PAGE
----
April 28, 1603

"It's just so hard for me to believe that she's really gone now," Jane whispered as she stared dolefully at the effigy of Queen Elizabeth above the Queen's purple-velvet-draped coffin. Guilford, standing hand in hand with his wife, nodded curtly. Of course, they had both known of the Queen's passing since Robert Cecil had announced it at Whitehall Palace right after Elizabeth's death in the wee hours of the morning of March 24, but finally seeing her casket really brought it home for both of them.

"Thank God our new King belongs to the true faith, even though his mother didn't," Jane continued. Guilford nodded again, staring glassy-eyed at the effigy and coffin himself.

The succession of James VI of Scotland to the English throne had violated the will of Elizabeth's father, King Henry VIII, which had prohibited the descendants of the Scottish family line from inheriting the throne of England. However, James' succession had been what Elizabeth had wished, and Robert Cecil had smoothed the way for it to happen. Otherwise, the crown would have passed to Jane herself and then, of course, to her son Robert.

Jane, who at sixty-five had no desire whatsoever to take over the leadership of a country, had been overwhelmingly relieved that this time the crown had been passed on with no violence or bloodshed. She knew that the English people would accept even a Scottish King much more readily than they would have accepted Robert's wife Susanna, whom Jane had come to love as a daughter, as a consort. Jane knew that Susanna had been the primary reason Elizabeth had favored James over Robert, and that knowledge hurt worse than she was willing to admit.

Grace and her children stood near Guilford and Jane. Sadly, Henry Carey had never completely recovered from the head injury he had received at Glenmalure. His headaches had gotten progressively worse until he had finally sank into a coma from which he had never emerged. Grace had mourned her husband as any devoted wife, which she had been, would have.

On the outskirts of the mourners stood a slight, dark-complected man wearing a beret. His eyes met those of Grace, and Grace took Suzanne's hand and they walked together to join him.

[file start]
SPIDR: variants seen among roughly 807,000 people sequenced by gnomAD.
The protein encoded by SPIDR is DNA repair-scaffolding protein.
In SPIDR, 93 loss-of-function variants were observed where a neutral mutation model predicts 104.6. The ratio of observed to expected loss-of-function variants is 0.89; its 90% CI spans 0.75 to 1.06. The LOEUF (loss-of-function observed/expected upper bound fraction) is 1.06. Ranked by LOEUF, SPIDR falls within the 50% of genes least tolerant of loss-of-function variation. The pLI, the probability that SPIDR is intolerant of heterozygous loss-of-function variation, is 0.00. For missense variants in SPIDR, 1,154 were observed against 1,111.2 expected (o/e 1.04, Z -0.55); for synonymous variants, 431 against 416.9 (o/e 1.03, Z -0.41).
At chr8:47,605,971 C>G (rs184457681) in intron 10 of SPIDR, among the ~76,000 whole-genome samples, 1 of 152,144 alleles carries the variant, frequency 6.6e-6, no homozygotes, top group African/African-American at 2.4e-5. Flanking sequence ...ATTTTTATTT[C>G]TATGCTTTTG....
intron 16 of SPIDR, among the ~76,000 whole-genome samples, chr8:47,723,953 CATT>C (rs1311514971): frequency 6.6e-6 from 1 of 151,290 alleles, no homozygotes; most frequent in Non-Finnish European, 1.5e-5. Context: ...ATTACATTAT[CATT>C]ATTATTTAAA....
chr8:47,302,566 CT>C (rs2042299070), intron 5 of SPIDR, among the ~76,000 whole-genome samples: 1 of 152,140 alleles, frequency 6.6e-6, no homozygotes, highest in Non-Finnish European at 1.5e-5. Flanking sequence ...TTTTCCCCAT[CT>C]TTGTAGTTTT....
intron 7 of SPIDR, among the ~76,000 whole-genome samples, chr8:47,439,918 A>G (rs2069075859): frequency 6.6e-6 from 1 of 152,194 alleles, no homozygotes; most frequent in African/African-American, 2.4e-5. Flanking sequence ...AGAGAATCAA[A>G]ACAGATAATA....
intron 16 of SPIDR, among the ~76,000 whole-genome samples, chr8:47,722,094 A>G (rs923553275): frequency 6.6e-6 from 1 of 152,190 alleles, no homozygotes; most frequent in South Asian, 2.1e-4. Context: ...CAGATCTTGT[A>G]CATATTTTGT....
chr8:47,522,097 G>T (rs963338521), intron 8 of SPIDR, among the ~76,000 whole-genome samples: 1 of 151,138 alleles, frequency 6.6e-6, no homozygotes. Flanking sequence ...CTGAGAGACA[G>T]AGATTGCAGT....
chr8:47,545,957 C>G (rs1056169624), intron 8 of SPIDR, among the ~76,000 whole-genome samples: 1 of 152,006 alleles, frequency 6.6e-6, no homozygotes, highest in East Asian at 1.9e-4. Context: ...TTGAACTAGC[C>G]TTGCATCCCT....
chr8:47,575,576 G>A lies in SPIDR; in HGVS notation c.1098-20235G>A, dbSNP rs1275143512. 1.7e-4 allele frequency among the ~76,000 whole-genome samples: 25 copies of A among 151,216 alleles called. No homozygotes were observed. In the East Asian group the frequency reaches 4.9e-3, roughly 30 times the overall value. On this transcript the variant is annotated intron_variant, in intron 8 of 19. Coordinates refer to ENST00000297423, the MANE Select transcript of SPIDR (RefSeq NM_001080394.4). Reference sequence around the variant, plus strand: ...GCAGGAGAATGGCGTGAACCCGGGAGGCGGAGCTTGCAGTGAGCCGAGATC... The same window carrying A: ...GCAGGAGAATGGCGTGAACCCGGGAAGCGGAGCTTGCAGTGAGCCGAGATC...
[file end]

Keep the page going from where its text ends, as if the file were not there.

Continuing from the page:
"I think I met you once before, when I was very little," Suzanne said.

"You did indeed," Gaston replied with a smile. "I remember it very well."

"My father was still alive then," Suzanne continued.

Gaston's eyes met those of Grace. Suzanne noticed the unspoken exchange but had no idea what it meant.

"Much time has passed," agreed Gaston. Almost unconsciously, he began to walk away from the crowd, followed by Grace and Suzanne.

"Henry never fully recovered from the head injury he received in battle," Grace explained.

"I'm very sorry," Gaston replied.

Without a word, Grace's hand slipped into his. Suzanne looked on, puzzled.

"Your mother and I have been very good friends for a long time," Gaston told her. "We grew up together as children."

"I see." Suzanne still felt a bit confused.

"It was Gaston's parents who hid your grandparents when the ruling Catholics sought their death," Grace told her.

"Oh! Well, in that case, my family owes yours a great deal."

"They only did what God would expect of any good Christian," Gaston told her, smiling. "My mother's name was Suzanne, too."

"Was I named for her, then?" Suzanne asked her mother.

"Indeed you were," Grace told her.


Gaston and Grace were married a few days later, in the little chapel in Gaston's neighborhood. The small wedding was attended by Grace's entire family and Gaston's friends and neighbors. Once Jane recovered from the shock of learning for the first time of her daughter's true feelings for Gaston, she was thrilled about the match, not caring in the least what her friends at court thought about it.

Afterwards, Grace returned with Gaston to the home she had lived in with her children for many years.

"I think I could easily get lost in a house this large," Gaston laughed.

"I've waited ever so long for this day," Grace said in a throaty voice as she led him to the bedroom.


King James VI of Scotland entered London on May 7. Glancing over the huge crowd of spectators, he saw Robert and Susanna Dudley standing together, holding hands. He looked at their oldest son, taking in the youngster's coal black hair and eyes and prominent cheekbones. There was no way on earth he could envision the boy someday sitting on the throne of England.

Amongst the spectators Guilford and Jane stood quietly. They were both completely white-haired now, but their love for one another was just as strong as it had ever been.

High above, flocks of white seagulls soared over the Thames.


A/N: Many thanks to everyone who read and reviewed this story. :)